arrival

Arrival

Starring: Amy Adams, Jeremy Renner, Forest Whitaker, Michael Stuhlbarg
Directed By: Denis Villeneuve

The Plot: Louise (Adams) is a linguists professor who is brought in to try and communicate with an alien vessel that has landed in Montana, one of twelve landings in the world. What do they want? Are they peaceful? With the help of Ian (Renner) a scientist, she’ll race against the clock to possibly save humanity.

What Works: That’s about all I can give you. There’s a fantastic third act twist, so talking too much about the plot could spoil that for you. However, it is one of the better twists in recent years. Adams gives a tour de force performance here, and she’s definitely in the Oscar race. The only question is how good she is in Nocturnal Animals versus this, and which film will win out. This is another spectacular visual masterpiece from Denis Villeneuve, who has previously brought us Prisoners and Sicario. The cinematography is stunning, and the visual effects are terrific, even if they aren’t as flashy as a Marvel movie. The film is unlike what you’d expect, and because of that it becomes a welcome piece of art. Despite the film taking a slow burn approach, creeping up to each moment, it never has pacing issues. It’s odd that a film that moves this slowly can also have no pacing issues, but it is just simply the very careful assembly of building blocks. It’s like watching a master play a chess game. Each move is pointed and purposeful, and each moment in Arrival is the same. At just under two hours, no moment is wasted. There is no doubt in my mind that I have just watched one of the best films of the year, an an easy contender for Best Picture. It is an incredibly smart science fiction drama that asks us incredibly deep questions about our future, about knowing our path, and if we would change anything knowing the road ahead. It’s a very intelligent movie, and unlike or sci-fi epics of the past that value heroism in the form of brawn, this values heroism in the form of intelligence and critical thinking. Louise saves us all by calmly sitting down and analyzing the situation, using her years of studied expertise to formulate a solution. If this film has a secret agenda, it’s “stay in school, kids.”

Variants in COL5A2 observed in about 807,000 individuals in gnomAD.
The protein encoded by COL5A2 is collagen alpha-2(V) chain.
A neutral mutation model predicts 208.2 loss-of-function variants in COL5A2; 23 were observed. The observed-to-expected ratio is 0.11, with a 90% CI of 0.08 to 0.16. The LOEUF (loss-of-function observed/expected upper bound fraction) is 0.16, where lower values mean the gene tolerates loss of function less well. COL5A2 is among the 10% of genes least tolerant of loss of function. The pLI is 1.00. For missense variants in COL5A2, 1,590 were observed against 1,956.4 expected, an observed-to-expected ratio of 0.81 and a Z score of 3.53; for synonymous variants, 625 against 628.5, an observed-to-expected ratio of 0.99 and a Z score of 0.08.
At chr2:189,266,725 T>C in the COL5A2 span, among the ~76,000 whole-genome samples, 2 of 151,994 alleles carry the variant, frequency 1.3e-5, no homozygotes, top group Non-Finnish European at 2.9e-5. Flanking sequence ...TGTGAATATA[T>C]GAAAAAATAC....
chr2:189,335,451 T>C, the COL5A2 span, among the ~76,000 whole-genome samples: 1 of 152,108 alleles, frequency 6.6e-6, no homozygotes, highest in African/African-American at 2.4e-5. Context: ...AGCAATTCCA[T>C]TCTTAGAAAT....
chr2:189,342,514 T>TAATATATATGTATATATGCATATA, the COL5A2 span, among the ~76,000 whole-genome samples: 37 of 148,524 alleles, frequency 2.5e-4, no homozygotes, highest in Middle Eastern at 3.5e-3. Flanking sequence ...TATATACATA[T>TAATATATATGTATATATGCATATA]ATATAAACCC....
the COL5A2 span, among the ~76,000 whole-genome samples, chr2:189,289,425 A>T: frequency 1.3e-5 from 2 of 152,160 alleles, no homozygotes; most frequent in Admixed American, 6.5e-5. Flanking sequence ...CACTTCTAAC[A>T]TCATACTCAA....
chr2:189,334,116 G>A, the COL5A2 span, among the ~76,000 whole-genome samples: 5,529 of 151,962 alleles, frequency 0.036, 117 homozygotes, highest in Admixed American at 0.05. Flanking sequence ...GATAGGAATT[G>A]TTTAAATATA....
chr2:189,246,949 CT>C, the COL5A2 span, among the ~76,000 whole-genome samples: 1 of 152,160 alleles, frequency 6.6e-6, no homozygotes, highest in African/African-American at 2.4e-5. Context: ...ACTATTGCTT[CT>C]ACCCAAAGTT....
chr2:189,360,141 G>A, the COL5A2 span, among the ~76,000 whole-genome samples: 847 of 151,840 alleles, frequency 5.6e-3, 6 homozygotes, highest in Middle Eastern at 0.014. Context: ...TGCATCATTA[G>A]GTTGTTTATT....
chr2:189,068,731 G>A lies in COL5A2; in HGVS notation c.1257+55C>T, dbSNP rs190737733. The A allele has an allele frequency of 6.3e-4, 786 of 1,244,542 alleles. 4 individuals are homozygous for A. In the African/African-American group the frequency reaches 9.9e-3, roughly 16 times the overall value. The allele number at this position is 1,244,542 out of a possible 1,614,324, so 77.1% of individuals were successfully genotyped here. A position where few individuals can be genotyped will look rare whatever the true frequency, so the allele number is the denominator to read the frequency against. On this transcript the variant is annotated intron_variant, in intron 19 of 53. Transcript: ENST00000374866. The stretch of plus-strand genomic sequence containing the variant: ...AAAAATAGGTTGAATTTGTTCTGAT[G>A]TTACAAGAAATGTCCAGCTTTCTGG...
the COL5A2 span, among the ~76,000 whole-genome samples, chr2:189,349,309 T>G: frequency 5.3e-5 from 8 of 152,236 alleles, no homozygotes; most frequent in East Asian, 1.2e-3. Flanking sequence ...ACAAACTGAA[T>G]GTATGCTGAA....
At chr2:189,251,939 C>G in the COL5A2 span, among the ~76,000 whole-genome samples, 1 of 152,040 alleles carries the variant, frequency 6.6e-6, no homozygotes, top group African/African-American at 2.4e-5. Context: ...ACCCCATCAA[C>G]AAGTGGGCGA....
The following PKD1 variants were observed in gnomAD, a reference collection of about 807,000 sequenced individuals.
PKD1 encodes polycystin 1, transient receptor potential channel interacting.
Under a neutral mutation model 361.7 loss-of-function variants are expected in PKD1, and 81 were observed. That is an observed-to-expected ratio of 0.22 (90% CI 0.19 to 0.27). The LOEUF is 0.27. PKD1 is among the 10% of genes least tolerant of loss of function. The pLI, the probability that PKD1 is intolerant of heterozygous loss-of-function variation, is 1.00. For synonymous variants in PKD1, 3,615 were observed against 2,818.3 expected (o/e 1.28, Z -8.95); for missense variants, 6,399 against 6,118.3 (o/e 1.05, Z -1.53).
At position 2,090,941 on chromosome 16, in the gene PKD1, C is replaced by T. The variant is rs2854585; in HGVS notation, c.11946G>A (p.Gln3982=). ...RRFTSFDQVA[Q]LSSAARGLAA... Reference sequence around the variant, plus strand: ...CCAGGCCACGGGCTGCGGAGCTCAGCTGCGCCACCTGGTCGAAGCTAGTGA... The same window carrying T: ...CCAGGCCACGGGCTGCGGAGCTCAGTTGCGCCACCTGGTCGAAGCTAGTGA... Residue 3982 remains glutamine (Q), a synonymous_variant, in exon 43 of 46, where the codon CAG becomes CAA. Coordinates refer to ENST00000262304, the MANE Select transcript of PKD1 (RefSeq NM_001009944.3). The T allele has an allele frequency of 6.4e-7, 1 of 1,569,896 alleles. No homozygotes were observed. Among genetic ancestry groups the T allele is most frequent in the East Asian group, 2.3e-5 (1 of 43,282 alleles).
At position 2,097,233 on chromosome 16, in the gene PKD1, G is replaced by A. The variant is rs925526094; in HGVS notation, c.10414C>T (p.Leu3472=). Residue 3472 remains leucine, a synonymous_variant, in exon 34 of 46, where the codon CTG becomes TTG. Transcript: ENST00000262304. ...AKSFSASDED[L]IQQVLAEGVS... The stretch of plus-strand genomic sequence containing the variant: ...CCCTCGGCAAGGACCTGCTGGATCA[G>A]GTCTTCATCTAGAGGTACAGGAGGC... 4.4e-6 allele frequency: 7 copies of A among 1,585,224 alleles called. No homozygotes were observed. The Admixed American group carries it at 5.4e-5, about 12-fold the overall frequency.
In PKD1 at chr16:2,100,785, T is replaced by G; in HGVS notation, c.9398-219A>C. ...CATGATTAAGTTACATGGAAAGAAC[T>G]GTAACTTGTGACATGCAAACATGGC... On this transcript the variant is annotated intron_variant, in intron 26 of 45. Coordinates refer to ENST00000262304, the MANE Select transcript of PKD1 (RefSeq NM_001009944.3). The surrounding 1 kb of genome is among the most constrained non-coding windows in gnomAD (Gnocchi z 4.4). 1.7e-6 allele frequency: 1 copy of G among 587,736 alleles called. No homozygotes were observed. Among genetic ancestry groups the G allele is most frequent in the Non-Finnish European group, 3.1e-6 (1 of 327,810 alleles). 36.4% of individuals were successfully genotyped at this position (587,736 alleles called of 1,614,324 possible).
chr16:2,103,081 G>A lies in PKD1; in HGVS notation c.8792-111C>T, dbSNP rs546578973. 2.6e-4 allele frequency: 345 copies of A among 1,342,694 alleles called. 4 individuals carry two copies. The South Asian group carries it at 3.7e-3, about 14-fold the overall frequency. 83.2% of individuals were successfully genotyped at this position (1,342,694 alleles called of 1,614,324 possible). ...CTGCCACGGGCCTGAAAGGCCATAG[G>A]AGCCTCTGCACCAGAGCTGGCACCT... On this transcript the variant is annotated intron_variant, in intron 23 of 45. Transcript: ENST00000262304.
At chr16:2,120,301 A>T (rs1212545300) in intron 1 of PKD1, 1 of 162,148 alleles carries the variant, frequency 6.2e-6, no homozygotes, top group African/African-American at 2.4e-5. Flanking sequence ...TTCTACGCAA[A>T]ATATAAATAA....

What Doesn’t: I’m struggling to fill in this section, except to say I wish Renner had a bit more to do, emotionally in the film. I get that this is a showcase for Adams, but there’s no reason he couldn’t ride her coattails for a supporting actor nomination. But, just like the fantastic Gravity where George Clooney had very little to do, Renner is given a very small set to work with. This is all about Adams, and he’s just there for the ride.

Final Word: Absolutely a must see, and worth the trip to the theatre. Not only is it a fantastic film, but it also is visually stunning, adding to the fact that it deserves to be seen on the big screen. Also, kudos to the marketing team for not ruining the twist in the trailers, because Villeneuve did an excellent job setting it up. Plus, it is certain to be a focal point of the Oscar conversation, and you want to be well versed there too, right?

Final Grade: A

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